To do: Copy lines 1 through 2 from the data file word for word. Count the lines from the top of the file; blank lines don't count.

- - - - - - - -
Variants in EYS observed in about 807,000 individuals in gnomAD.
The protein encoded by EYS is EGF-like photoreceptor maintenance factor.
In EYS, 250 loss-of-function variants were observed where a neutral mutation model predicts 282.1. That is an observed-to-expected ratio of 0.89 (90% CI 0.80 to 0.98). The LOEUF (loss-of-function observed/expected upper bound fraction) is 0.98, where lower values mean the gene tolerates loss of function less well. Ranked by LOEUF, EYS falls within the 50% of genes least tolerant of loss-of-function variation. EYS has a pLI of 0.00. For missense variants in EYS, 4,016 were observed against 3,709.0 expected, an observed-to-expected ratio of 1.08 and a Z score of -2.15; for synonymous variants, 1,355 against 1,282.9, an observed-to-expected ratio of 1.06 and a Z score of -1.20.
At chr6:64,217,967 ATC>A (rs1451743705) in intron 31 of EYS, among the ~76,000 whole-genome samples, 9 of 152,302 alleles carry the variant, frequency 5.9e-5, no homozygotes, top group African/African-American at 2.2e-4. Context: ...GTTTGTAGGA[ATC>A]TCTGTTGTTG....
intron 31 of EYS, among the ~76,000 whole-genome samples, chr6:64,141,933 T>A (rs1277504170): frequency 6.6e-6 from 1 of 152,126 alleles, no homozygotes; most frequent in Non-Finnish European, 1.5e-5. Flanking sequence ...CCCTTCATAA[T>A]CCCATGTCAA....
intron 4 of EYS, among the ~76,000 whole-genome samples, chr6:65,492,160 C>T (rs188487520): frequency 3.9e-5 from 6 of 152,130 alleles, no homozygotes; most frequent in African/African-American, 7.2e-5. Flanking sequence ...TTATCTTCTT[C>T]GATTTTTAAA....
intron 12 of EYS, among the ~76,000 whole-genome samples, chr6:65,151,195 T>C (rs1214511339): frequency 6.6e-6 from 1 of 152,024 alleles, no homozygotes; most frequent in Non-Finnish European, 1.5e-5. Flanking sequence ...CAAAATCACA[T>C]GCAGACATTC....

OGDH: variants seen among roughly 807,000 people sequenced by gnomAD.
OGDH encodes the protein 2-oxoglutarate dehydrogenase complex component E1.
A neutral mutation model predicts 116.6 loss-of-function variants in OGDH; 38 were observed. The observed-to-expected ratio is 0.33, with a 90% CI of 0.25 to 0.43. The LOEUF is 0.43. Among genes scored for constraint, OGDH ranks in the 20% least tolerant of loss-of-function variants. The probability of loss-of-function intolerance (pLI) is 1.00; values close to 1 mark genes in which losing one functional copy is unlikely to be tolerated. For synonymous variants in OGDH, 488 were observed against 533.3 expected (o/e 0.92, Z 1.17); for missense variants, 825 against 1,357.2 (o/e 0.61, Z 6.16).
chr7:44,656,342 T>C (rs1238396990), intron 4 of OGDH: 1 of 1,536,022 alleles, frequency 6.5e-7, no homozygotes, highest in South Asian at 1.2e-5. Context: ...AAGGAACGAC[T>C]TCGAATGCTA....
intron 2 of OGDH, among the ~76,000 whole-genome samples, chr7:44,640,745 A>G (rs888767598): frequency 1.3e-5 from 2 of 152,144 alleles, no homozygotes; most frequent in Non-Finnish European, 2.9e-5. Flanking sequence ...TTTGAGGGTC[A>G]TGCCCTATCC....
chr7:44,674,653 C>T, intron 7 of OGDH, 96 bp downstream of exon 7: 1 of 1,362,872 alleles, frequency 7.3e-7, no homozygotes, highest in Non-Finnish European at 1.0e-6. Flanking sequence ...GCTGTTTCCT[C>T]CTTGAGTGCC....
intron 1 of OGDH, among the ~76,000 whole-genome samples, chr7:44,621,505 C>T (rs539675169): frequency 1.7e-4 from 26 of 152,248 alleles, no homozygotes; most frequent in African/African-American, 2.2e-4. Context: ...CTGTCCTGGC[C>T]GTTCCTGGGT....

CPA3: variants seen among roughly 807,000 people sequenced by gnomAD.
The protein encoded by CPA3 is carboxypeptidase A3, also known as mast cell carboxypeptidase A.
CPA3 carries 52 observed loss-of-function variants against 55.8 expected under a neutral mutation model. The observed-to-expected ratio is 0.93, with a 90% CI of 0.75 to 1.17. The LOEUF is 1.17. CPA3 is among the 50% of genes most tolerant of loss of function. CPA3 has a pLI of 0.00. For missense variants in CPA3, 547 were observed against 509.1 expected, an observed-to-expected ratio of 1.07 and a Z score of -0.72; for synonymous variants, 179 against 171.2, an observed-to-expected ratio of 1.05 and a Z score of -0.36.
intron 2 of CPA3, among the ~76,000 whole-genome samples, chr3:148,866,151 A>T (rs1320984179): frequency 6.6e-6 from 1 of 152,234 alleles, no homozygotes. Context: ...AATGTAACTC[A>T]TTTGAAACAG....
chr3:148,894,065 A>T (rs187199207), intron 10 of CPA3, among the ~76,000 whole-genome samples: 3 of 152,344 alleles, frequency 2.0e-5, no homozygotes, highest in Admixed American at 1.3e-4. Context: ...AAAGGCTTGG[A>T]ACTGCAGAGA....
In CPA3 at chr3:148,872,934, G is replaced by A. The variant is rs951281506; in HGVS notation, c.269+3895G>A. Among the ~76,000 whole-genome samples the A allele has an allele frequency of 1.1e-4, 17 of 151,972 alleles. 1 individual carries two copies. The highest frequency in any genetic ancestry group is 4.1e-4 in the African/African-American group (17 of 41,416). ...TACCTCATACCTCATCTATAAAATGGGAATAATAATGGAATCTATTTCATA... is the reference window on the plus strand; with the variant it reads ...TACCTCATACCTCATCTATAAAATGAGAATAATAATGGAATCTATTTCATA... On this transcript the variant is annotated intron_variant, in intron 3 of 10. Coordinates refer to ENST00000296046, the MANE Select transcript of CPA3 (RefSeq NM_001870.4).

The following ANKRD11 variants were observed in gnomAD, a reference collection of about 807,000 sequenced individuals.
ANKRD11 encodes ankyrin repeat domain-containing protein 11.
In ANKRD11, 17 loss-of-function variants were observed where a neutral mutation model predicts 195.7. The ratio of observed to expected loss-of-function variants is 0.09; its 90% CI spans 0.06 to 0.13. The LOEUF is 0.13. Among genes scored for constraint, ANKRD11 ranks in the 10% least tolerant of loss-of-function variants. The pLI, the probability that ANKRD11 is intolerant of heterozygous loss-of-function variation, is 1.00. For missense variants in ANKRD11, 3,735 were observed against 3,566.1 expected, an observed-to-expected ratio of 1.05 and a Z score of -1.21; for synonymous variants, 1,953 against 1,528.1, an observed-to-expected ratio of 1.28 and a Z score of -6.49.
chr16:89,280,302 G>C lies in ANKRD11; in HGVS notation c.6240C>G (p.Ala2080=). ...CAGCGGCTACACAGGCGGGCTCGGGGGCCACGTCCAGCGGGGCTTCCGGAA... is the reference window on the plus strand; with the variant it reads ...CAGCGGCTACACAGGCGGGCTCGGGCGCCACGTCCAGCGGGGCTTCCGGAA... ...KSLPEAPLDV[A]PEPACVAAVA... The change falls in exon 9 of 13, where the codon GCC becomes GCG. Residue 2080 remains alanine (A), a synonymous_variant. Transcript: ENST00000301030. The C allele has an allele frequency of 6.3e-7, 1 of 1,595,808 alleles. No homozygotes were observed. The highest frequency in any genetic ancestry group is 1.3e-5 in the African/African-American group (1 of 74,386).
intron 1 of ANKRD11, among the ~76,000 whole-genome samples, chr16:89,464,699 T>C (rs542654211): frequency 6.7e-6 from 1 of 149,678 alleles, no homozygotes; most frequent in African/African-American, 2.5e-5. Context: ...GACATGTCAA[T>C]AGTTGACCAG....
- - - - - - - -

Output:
Variants in EYS observed in about 807,000 individuals in gnomAD.
The protein encoded by EYS is EGF-like photoreceptor maintenance factor.